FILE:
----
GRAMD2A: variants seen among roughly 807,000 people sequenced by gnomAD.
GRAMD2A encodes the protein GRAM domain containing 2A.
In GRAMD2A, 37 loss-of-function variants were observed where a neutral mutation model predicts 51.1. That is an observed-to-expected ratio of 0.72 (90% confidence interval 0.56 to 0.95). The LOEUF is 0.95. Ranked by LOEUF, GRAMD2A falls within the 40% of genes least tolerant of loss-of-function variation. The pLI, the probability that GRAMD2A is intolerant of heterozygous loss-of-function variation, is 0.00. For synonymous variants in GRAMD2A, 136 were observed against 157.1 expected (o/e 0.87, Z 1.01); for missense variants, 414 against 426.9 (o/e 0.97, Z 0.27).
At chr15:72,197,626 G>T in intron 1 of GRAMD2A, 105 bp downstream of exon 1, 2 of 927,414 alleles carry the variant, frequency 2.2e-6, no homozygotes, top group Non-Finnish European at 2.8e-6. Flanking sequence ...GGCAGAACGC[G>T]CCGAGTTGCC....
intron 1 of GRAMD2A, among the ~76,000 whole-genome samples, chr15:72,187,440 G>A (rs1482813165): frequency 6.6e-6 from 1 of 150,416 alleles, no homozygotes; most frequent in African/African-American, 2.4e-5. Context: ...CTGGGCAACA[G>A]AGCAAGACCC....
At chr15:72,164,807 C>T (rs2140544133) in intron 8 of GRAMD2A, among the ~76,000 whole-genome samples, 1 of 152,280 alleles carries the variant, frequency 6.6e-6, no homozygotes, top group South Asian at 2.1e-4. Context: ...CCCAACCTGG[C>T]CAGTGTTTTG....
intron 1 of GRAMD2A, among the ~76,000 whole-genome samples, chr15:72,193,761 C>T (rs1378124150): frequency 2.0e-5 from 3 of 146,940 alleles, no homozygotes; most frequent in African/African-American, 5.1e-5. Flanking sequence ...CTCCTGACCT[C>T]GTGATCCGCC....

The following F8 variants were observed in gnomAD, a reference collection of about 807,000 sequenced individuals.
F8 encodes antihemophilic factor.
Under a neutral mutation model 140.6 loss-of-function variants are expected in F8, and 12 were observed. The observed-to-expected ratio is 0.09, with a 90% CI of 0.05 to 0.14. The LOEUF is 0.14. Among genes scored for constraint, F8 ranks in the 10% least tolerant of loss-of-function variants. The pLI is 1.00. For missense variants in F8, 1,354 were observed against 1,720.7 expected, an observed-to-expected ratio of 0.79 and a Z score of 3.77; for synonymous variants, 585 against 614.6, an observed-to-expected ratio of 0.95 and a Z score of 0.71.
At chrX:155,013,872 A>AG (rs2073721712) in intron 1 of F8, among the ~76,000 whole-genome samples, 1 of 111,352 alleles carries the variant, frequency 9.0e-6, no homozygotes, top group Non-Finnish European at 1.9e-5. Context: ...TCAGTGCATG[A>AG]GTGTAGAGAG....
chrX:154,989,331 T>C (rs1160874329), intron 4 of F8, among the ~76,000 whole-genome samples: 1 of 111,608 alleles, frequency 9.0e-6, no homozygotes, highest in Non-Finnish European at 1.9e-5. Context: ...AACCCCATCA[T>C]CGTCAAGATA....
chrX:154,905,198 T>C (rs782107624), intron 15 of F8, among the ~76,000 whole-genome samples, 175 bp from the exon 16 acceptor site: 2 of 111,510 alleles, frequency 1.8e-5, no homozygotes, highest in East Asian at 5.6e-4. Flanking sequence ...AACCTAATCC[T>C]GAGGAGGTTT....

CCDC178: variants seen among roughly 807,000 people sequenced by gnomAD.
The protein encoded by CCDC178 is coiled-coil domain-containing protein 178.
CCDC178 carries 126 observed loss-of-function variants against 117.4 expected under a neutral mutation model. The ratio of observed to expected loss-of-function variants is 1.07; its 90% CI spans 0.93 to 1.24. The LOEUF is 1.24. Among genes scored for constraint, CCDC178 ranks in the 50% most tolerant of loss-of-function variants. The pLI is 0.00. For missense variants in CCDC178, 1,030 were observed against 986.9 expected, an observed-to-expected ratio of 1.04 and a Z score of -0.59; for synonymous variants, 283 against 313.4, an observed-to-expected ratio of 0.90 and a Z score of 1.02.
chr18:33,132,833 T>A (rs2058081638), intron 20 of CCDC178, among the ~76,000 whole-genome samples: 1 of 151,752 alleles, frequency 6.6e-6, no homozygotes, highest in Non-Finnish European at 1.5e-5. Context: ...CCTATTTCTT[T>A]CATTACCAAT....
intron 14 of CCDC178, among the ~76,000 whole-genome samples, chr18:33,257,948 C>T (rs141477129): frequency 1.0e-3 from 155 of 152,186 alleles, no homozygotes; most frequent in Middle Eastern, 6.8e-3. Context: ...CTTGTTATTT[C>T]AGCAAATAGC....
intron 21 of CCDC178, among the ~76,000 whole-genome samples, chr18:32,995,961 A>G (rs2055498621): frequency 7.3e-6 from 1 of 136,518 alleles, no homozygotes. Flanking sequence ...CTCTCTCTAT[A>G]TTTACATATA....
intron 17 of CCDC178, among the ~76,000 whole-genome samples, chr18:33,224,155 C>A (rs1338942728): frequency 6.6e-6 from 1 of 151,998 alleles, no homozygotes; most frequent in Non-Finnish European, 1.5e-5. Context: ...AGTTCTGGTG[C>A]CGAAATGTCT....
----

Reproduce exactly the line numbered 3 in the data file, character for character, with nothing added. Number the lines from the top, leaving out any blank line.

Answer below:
In GRAMD2A, 37 loss-of-function variants were observed where a neutral mutation model predicts 51.1. That is an observed-to-expected ratio of 0.72 (90% confidence interval 0.56 to 0.95). The LOEUF is 0.95. Ranked by LOEUF, GRAMD2A falls within the 40% of genes least tolerant of loss-of-function variation. The pLI, the probability that GRAMD2A is intolerant of heterozygous loss-of-function variation, is 0.00. For synonymous variants in GRAMD2A, 136 were observed against 157.1 expected (o/e 0.87, Z 1.01); for missense variants, 414 against 426.9 (o/e 0.97, Z 0.27).